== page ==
Hexadecimal Colour Codes Explained
No web developer can go a day without encountering any method of representing colour on the web. There are many ways of representing colour, some have advantages and disadvantages over others, but of course, the vastly popular and most well-known option is hex colour codes.
Across the internet, you'll find many tables offering a visual representation of selected hex codes, sometimes even with colour pickers, often with many other helpful features. However, I thought it would be interesting to learn about how these mysterious codes actually work.
How do they work?
When you first came across a hex colour code such as #0FCA3E during your adventures in learning web design, you probably thought that it would be painful to have to memorize all of these seemingly random codes. But like (almost) everything, there is some sort of order behind the perceived chaos.
When viewing an image on a computer screen, the individual pixels are displayed using the RGB colour model. This is an additive colour model, meaning that varying degrees of different colours of light (red, green, and blue in this case) are mixed together to produce a wide array of different colours.
This can be easily seen in LCD displays. If you look very closely, you'll be able to see that each pixel is divided into three subpixels, each of which display either red, green, or blue light, which go together to form a full pixel. In the image to the right, you can see three subpixels, each displaying the colour at its full intensity, which a user would see as white when sitting at a reasonable distance away from their monitor.
How do we control this?
We can control how colours are displayed by using, you guessed it, hex colour codes. These codes can look very cryptic at first, but once you understand them, it's really quite simple.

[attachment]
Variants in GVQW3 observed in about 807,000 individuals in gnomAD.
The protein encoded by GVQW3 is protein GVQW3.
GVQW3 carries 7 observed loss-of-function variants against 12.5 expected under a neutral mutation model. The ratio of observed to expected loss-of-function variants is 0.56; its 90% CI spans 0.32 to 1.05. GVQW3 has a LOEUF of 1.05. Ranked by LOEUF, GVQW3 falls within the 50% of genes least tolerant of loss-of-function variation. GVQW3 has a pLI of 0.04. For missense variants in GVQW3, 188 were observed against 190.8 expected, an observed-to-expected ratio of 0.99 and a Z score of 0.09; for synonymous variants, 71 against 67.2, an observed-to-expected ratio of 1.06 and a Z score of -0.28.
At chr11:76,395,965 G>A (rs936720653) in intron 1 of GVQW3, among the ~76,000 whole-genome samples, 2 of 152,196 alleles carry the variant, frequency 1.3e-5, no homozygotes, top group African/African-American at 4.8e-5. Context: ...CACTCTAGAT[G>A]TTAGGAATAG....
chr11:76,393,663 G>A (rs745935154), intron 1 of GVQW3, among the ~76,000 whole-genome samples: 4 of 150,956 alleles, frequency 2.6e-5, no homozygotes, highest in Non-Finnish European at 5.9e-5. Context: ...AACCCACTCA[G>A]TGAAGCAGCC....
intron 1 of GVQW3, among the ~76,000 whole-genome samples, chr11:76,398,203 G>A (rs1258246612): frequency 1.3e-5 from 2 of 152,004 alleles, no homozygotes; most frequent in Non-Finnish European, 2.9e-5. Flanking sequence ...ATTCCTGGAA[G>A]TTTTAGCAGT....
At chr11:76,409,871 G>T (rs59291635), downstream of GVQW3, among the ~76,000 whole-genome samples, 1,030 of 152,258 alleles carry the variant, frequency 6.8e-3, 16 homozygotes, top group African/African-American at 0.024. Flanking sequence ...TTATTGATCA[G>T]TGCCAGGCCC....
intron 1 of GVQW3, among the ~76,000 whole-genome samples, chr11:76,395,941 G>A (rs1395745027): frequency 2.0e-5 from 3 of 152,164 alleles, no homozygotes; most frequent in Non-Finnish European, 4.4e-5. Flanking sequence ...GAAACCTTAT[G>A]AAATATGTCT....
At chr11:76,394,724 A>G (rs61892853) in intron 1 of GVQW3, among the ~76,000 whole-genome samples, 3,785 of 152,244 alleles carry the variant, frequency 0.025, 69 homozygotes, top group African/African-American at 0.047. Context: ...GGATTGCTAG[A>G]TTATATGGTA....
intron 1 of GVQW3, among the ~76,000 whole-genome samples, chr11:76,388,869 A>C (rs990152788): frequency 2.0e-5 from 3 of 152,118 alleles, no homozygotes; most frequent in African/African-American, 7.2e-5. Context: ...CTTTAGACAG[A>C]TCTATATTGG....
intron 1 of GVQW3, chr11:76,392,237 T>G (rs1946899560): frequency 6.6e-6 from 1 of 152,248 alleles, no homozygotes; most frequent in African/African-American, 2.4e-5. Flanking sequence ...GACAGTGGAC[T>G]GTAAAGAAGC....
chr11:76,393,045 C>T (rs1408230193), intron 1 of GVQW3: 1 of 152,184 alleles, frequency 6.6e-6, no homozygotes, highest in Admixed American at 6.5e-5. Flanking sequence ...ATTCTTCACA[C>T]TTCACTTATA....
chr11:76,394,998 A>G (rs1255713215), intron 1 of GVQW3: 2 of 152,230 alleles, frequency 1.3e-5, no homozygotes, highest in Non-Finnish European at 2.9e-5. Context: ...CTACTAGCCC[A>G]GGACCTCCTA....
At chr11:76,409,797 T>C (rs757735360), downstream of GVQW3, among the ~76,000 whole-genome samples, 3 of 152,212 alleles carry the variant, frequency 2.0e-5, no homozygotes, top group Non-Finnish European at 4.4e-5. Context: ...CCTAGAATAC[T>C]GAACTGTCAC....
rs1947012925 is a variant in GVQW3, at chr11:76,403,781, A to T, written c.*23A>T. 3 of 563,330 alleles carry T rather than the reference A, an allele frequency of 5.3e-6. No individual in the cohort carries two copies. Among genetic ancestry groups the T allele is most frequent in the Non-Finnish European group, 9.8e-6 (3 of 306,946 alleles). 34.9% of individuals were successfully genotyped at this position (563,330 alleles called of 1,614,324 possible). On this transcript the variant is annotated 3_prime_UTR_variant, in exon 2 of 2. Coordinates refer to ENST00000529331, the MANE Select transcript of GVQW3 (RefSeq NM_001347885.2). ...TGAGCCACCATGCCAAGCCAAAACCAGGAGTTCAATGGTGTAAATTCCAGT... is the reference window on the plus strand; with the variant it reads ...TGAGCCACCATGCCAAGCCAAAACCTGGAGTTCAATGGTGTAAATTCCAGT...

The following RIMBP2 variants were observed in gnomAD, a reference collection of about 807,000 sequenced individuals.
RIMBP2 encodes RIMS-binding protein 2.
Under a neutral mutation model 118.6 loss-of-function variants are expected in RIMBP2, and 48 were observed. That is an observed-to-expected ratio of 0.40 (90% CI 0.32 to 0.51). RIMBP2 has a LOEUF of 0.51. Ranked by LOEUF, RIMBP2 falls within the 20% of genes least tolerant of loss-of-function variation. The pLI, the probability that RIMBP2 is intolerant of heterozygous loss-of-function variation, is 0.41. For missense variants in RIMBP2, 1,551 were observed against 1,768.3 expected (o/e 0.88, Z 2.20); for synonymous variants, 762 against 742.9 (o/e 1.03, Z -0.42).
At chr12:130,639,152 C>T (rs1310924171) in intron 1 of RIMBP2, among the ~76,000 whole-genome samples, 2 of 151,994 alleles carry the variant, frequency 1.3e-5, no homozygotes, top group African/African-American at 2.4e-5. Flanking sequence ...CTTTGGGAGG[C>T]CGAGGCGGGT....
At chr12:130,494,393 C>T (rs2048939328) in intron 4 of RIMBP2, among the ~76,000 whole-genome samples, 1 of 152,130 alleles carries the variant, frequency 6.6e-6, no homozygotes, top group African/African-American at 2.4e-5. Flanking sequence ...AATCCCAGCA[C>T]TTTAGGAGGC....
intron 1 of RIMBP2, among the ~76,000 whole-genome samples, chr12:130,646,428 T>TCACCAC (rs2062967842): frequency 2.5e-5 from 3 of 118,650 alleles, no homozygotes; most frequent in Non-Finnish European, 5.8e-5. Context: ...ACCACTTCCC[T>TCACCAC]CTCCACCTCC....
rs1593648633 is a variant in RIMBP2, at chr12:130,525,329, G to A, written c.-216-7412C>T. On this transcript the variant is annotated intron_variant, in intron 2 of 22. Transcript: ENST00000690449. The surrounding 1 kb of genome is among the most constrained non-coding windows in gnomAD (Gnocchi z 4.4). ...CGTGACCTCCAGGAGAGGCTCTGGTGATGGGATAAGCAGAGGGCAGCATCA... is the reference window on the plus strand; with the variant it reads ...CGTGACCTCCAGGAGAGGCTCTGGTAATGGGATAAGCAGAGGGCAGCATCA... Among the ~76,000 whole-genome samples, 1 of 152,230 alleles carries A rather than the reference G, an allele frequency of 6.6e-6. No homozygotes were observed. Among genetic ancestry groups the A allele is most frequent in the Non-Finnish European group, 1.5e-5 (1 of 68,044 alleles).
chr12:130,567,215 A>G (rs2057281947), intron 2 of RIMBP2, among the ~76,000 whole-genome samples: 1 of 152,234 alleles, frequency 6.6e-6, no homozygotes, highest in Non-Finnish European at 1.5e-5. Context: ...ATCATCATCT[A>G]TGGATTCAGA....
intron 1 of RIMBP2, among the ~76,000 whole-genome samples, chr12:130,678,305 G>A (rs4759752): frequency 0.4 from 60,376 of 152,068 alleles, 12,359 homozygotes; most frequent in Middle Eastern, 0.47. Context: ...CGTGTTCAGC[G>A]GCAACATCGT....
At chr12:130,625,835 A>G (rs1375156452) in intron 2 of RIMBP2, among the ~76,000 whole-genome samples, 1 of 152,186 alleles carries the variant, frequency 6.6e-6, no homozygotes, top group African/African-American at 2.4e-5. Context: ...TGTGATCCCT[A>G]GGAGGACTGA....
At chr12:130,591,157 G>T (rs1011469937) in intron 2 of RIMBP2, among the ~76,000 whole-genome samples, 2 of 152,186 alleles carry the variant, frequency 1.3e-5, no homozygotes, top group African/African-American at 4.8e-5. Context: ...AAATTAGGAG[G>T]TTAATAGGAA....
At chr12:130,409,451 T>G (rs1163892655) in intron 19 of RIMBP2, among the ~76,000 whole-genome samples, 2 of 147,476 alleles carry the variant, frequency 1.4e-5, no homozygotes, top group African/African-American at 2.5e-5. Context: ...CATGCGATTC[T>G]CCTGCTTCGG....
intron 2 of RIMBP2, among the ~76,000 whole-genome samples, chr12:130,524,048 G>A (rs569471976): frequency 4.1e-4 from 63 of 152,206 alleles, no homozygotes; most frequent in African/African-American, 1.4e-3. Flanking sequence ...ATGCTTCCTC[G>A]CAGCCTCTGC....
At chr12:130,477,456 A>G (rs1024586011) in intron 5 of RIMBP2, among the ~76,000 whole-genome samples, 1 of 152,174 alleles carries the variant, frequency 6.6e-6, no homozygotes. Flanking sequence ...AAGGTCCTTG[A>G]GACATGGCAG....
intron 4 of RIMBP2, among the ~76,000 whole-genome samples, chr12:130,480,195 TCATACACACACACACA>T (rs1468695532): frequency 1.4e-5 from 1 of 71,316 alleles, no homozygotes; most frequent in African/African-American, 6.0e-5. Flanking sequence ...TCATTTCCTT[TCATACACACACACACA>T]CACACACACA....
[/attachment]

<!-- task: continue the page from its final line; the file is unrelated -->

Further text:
Every hex colour code is a six-digit hexadecimal number consisting of three parts. Each of these parts represents the intensity of the red, green, or blue light, respectively. This is called a hex triplet.
Each part of a hex triplet is represented using the hexadecimal number system. This system uses the digits 0-9, and it continues with A representing 10, B for 11, up to F, for 15. This is used because two hexadecimal digits can represent exactly one byte of information, which makes it easy for computers to work with.
Because one byte of information can have 256 possible values, and each hex triplet is three bytes long, the number of colours that can be represented using hex codes is 16,777,216, or 2563.
Because a picture is worth a thousand words (even if it's a picture of text), here is a quick example of a couple hex triplets, with their decimal representations.
Well now that you know how hex colour codes work, with some practice it should be easy to read and understand any hex triplets you may come across. If you're feeling confident, you can give this game a try: What the hex.